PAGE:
I wish I had had this handbook when I first began my science writing career 35 years ago. I've learned a lot in that period, most of it the hard way. However, this book still held new and important lessons for me. In its 26 succinct, easy-to-read chapters, a group of experienced practitioners shares important insights into becoming a successful science writer. What is most impressive about this handbook is the personal, friendly tone, the telling of personal anecdotes, and the emphasis on concrete steps toward becoming a successful science writer. This book has useful advice on all aspects of this profession -- from identifying newsworthy topics to writing query letters to handling the finances of the business. Perhaps its most helpful material concerns taking advantage of social media to further one's career and to maintain contacts with other writers that can provide support and encouragement. Truly a book for every science writer's -- and every writer's -- shelf.
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7 of 7 people found the following review helpful By R. Olson on May 12, 2013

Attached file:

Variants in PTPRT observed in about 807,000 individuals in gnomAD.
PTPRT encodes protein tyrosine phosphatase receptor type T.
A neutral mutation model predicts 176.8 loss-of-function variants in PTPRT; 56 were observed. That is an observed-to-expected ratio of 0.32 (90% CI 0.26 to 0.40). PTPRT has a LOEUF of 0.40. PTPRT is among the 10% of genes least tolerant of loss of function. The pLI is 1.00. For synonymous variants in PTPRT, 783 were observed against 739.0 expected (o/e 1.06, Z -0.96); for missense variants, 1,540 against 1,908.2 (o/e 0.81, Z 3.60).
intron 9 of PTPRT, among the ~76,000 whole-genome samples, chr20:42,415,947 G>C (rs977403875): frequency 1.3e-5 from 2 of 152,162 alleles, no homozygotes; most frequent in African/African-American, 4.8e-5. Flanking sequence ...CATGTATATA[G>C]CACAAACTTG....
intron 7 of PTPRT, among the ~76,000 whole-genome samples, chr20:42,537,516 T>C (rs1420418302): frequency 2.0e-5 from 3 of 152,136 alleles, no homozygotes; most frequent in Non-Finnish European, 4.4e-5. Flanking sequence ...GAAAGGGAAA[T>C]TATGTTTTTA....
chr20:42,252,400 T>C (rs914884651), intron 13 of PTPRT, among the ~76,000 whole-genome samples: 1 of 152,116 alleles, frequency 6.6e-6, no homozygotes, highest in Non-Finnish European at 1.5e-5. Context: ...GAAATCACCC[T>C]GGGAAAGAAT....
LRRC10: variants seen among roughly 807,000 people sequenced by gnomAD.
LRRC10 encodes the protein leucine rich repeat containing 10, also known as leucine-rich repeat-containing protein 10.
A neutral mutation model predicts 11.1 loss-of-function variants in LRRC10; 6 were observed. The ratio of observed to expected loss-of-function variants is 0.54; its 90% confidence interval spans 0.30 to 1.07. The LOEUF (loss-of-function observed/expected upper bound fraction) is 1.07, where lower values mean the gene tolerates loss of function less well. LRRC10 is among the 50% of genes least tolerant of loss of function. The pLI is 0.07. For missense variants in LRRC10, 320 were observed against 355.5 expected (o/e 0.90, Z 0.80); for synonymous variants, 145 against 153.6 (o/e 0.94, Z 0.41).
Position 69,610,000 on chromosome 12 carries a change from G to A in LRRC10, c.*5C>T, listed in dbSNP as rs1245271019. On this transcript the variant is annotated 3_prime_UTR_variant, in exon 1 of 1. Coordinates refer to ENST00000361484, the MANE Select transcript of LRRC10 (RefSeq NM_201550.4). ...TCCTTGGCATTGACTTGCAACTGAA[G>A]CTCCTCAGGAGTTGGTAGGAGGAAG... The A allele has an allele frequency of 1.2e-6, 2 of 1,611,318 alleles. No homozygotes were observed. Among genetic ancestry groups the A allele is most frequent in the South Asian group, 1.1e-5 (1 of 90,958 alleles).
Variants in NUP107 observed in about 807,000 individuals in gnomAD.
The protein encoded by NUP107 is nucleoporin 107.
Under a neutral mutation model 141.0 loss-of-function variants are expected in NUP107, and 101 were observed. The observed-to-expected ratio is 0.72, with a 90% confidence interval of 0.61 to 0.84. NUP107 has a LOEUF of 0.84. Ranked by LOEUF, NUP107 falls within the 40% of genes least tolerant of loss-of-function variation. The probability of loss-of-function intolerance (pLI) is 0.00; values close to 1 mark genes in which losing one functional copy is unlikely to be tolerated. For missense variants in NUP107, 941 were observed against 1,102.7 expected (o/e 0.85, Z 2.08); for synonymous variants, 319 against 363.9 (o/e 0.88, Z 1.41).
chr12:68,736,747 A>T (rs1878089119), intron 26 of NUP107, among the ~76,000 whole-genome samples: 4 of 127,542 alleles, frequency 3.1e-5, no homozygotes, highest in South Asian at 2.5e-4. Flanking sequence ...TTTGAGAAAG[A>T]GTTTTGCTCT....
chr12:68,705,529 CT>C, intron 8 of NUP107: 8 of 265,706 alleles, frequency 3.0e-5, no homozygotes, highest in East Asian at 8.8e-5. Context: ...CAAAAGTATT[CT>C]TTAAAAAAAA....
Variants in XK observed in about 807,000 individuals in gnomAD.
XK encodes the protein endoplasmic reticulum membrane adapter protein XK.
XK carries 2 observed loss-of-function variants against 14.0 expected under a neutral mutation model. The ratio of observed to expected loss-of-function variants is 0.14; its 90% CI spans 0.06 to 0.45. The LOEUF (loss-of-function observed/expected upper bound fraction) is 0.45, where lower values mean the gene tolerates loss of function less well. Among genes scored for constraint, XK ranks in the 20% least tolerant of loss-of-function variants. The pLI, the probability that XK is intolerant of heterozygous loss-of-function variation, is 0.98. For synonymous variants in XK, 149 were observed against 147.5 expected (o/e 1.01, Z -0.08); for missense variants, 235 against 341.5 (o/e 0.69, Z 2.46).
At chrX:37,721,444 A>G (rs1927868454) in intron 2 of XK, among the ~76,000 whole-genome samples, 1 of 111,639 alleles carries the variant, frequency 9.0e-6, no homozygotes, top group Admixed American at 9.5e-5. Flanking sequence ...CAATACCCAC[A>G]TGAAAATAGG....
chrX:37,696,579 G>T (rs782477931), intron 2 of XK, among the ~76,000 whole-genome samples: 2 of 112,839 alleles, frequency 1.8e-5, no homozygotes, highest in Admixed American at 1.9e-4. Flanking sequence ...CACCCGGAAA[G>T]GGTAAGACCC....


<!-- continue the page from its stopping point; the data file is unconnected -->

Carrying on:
Format: Paperback Verified Purchase
This is an outstandingly practical and useful book that every new science writer needs as the essential starting point in the profession. It covers a wide array of topics with an impressively large group of authors. Science writing has come a long way in the past three decades. This is the book that is needed for today's science writing world.

Not to date myself too much, but I remember the pivotal year for science writing in America -- 1980. That year saw the debut of two commercial, broad magazines for science (more broad than the stodgy Scientific American at the time) -- one that made it (Discover) and one that bit the dust (Science 80, which was eventually absorbed by Discover). At the same time several major science writing programs were launched including the one at M.I.T. that I had a close friend in the inaugural class. Science writing has come a long way since.

It's a new world with the internet and a world where prospective science writers desperately need the advice not of some dinosaurs (kinda like some of the professors I had in film school who hadn't made a film since before the age of computers), but of multiple working science writers of today.

This is exactly that book, and assembled by Thomas Hayden, who is the sort of veteran of both the working world (was a science writer with US News and World Report) and the teaching world (now at Stanford). It takes both sets of skills to make a book that will be useful and coherent, as he has done with this book.

The various chapters pretty much take you from start to full speed in a science writing career -- all written in very personable, conversational writing styles.